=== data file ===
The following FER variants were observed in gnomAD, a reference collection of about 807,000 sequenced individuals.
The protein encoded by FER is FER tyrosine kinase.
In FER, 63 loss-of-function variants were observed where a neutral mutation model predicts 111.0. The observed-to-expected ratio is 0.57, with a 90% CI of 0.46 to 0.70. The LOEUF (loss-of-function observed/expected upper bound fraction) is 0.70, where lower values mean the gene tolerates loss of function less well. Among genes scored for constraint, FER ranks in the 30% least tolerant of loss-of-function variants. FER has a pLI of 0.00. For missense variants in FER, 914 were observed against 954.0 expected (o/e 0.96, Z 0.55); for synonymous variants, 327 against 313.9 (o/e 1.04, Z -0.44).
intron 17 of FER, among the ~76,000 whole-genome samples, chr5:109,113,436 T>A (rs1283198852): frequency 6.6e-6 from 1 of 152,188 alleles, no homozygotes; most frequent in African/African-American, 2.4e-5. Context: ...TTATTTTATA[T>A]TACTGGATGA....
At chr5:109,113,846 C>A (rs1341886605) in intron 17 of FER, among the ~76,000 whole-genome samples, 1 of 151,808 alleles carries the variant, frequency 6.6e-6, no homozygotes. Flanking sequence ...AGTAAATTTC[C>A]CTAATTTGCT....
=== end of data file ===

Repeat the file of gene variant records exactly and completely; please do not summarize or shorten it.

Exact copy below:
The following FER variants were observed in gnomAD, a reference collection of about 807,000 sequenced individuals.
The protein encoded by FER is FER tyrosine kinase.
In FER, 63 loss-of-function variants were observed where a neutral mutation model predicts 111.0. The observed-to-expected ratio is 0.57, with a 90% CI of 0.46 to 0.70. The LOEUF (loss-of-function observed/expected upper bound fraction) is 0.70, where lower values mean the gene tolerates loss of function less well. Among genes scored for constraint, FER ranks in the 30% least tolerant of loss-of-function variants. FER has a pLI of 0.00. For missense variants in FER, 914 were observed against 954.0 expected (o/e 0.96, Z 0.55); for synonymous variants, 327 against 313.9 (o/e 1.04, Z -0.44).
intron 17 of FER, among the ~76,000 whole-genome samples, chr5:109,113,436 T>A (rs1283198852): frequency 6.6e-6 from 1 of 152,188 alleles, no homozygotes; most frequent in African/African-American, 2.4e-5. Context: ...TTATTTTATA[T>A]TACTGGATGA....
At chr5:109,113,846 C>A (rs1341886605) in intron 17 of FER, among the ~76,000 whole-genome samples, 1 of 151,808 alleles carries the variant, frequency 6.6e-6, no homozygotes. Flanking sequence ...AGTAAATTTC[C>A]CTAATTTGCT....